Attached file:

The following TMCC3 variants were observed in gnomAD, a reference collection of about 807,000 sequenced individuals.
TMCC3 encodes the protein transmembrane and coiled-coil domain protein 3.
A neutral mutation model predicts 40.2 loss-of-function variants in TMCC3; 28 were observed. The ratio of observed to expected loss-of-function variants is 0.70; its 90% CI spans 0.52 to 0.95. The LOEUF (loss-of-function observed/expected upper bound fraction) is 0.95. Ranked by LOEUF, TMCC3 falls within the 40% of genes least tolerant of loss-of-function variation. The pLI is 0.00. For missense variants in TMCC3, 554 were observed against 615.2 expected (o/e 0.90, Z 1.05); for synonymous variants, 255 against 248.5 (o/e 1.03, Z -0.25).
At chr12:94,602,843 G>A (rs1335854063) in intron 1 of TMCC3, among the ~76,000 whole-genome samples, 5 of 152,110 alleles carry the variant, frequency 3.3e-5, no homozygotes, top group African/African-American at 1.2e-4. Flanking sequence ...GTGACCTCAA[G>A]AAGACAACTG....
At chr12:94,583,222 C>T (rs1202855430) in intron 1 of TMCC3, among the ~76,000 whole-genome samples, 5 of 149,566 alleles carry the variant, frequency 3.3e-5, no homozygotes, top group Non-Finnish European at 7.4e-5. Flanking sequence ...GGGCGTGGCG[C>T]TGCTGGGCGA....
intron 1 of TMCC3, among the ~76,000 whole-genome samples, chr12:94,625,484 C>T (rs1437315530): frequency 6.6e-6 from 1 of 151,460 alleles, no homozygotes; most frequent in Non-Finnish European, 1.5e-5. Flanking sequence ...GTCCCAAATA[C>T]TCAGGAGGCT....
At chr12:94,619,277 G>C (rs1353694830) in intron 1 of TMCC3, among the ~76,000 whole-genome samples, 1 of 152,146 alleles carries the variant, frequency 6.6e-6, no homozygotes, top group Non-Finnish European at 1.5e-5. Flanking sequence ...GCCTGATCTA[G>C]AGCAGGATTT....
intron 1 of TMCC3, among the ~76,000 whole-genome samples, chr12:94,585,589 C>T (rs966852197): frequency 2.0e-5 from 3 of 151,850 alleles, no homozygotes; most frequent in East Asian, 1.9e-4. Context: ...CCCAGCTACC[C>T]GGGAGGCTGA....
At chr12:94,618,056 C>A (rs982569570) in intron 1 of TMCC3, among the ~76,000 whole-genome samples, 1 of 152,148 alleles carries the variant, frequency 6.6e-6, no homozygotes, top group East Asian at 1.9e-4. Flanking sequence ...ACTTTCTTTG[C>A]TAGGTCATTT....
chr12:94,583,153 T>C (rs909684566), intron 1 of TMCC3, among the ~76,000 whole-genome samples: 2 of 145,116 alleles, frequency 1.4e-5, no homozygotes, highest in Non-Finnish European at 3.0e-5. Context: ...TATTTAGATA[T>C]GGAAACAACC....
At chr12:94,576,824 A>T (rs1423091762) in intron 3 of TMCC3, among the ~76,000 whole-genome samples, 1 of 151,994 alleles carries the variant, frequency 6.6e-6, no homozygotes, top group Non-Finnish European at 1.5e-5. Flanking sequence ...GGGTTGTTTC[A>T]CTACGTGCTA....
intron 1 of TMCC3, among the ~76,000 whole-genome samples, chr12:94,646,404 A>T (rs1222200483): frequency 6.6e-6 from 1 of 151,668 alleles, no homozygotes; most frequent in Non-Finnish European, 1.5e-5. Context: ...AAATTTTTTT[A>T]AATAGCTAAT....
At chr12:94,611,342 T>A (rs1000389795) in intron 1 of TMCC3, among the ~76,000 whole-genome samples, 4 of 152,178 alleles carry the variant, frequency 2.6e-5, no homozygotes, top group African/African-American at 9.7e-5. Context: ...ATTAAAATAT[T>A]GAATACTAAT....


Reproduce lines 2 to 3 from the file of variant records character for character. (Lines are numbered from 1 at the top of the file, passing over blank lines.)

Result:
TMCC3 encodes the protein transmembrane and coiled-coil domain protein 3.
A neutral mutation model predicts 40.2 loss-of-function variants in TMCC3; 28 were observed. The ratio of observed to expected loss-of-function variants is 0.70; its 90% CI spans 0.52 to 0.95. The LOEUF (loss-of-function observed/expected upper bound fraction) is 0.95. Ranked by LOEUF, TMCC3 falls within the 40% of genes least tolerant of loss-of-function variation. The pLI is 0.00. For missense variants in TMCC3, 554 were observed against 615.2 expected (o/e 0.90, Z 1.05); for synonymous variants, 255 against 248.5 (o/e 1.03, Z -0.25).